Happy New Year to you one and all.
Let's get 2015 started with a free short story.
I hope that you've had a great year. It's been great to have you along for the ride.
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Let's keep things rolling along with your first free story of 2015.
Audio version to follow soon, and soon I'll be releasing a collection of short stories as a book – stay tuned.
They’re here again. The children. It won’t do.
Last Monday I set off to do my shopping as usual, and there they were, playing in the park. “Look out!” they called. “There goes Granny Jankovic.” I stopped in my tracks and turned on my heel, and off they ran, squealing and scampering away to hide behind the bushes.
“You little rascals,” I said. “I’ll wash your mouths out.”
“Ooh No!” they shouted, peering out at me, all wide eyes and cheeky grins. I gave them a cheery wave and I was just about to set off, when I noticed her.
There was one little girl who hadn't called out, hadn't run away. She stood and stared at me. Defiant. Cold.
I turned and walked away. But for the rest of the morning, I couldn't get that little girl’s heartless stare out of my mind.
On the way home, I hurried past the park and kept my head down. I didn't want to be bothered with their daft games. I just wanted a nice cup of tea by the fire. And I thought the children hadn't noticed me. But then I heard it. One word, shouted with all the might they could muster: “Witch!”
I pretended not to hear. Of course, it was that girl who’d put them up to it. It was obvious.
The next day, I’d forgotten all about it. So when I discovered that I’d run out of cat food for Bathsheba, I quite looked forward to my trip into town.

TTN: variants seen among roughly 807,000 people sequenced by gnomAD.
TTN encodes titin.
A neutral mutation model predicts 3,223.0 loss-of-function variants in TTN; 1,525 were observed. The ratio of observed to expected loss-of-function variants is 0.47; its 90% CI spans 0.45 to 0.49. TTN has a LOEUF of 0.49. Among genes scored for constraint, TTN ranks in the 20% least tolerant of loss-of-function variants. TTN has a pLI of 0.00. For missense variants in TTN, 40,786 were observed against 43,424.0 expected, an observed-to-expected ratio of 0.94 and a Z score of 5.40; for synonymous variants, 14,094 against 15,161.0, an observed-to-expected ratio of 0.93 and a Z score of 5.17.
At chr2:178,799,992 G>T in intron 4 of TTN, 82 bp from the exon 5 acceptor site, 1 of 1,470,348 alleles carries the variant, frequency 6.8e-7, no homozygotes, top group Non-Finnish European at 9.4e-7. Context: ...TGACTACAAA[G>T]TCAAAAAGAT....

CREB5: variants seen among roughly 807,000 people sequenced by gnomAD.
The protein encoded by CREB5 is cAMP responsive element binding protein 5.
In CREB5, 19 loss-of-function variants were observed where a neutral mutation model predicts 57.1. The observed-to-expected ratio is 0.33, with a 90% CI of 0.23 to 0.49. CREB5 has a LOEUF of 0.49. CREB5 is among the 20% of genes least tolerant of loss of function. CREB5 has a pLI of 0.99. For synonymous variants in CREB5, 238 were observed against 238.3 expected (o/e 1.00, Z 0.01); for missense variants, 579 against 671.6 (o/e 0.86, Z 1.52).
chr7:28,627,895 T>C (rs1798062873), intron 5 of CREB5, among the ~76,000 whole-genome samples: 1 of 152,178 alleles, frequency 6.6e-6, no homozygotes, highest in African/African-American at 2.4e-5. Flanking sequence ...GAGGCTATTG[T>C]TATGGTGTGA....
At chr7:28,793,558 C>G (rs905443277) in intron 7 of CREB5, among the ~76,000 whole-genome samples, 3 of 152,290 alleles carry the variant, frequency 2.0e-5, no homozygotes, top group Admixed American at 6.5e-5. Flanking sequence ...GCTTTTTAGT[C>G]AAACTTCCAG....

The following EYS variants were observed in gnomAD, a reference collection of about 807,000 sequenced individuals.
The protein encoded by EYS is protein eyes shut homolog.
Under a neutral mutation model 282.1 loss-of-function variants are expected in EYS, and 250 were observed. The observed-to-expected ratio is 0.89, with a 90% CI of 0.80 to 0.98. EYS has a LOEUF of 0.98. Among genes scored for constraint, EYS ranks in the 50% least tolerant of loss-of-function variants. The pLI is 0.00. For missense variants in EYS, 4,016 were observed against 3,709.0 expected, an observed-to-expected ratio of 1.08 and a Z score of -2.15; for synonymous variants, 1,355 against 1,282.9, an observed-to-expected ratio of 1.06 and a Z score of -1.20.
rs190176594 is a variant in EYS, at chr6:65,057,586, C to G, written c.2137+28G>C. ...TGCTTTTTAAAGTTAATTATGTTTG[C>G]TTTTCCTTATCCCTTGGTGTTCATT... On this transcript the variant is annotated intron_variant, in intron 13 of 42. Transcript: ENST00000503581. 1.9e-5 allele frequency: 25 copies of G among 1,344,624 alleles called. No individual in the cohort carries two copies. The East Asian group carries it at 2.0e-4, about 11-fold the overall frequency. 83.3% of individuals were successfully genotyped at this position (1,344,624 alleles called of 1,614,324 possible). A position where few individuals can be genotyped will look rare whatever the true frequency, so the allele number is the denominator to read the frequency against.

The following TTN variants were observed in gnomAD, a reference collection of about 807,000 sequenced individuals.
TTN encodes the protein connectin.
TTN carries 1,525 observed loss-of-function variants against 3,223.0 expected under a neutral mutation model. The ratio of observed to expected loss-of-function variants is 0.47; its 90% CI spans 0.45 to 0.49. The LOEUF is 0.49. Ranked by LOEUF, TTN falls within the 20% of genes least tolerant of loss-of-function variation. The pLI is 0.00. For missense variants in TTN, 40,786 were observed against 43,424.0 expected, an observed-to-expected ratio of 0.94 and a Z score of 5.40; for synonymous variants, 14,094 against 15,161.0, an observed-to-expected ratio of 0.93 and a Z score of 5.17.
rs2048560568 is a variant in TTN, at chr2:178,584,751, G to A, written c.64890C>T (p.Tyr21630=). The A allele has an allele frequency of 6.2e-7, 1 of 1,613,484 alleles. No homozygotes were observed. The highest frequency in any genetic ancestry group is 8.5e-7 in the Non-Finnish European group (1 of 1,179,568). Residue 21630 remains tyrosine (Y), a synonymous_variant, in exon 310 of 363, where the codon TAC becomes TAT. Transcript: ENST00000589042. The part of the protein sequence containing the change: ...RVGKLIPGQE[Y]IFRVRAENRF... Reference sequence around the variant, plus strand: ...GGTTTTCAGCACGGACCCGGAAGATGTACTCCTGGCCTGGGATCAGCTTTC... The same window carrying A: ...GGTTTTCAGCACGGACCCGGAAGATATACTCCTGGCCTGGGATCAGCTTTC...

I smiled as I neared the park. It always did me good to hear them playing. But as soon as the children saw me, they stopped what they were doing and turned to face me. They didn’t say a word, they just stared. And of course, she was there, hands on her hips and a cruel smile on her lips.
I just kept walking. But I hadn't gone far before the shouting started. “Witch,” they jeered. “Hag. Dirty old crone.”
Hot tears stung the corners of my eyes. How could they be so hurtful? But of course, I knew. They’d never have said those words if she hadn't whispered them into their ears in the first place.
When I’d finished my errands, I caught the bus back. It meant that I had to go rather out of my to get home, but at least I didn't have to walk past the park.
By the time Monday came around again, I’d convinced myself I’d been fussing over nothing. It was just a bit of silly teasing. It’s what children do.
But they weren't in the park. They were right outside my house. As soon as I opened the door, they started hissing and shouting. I slammed the door and stayed in.
Now they’re here again. And it just won’t do.
I take the doll from the drawer, and peer through the lace curtains. And when I fix my eyes on that little madam, I put the needle where the doll’s heart would be, and I push hard.
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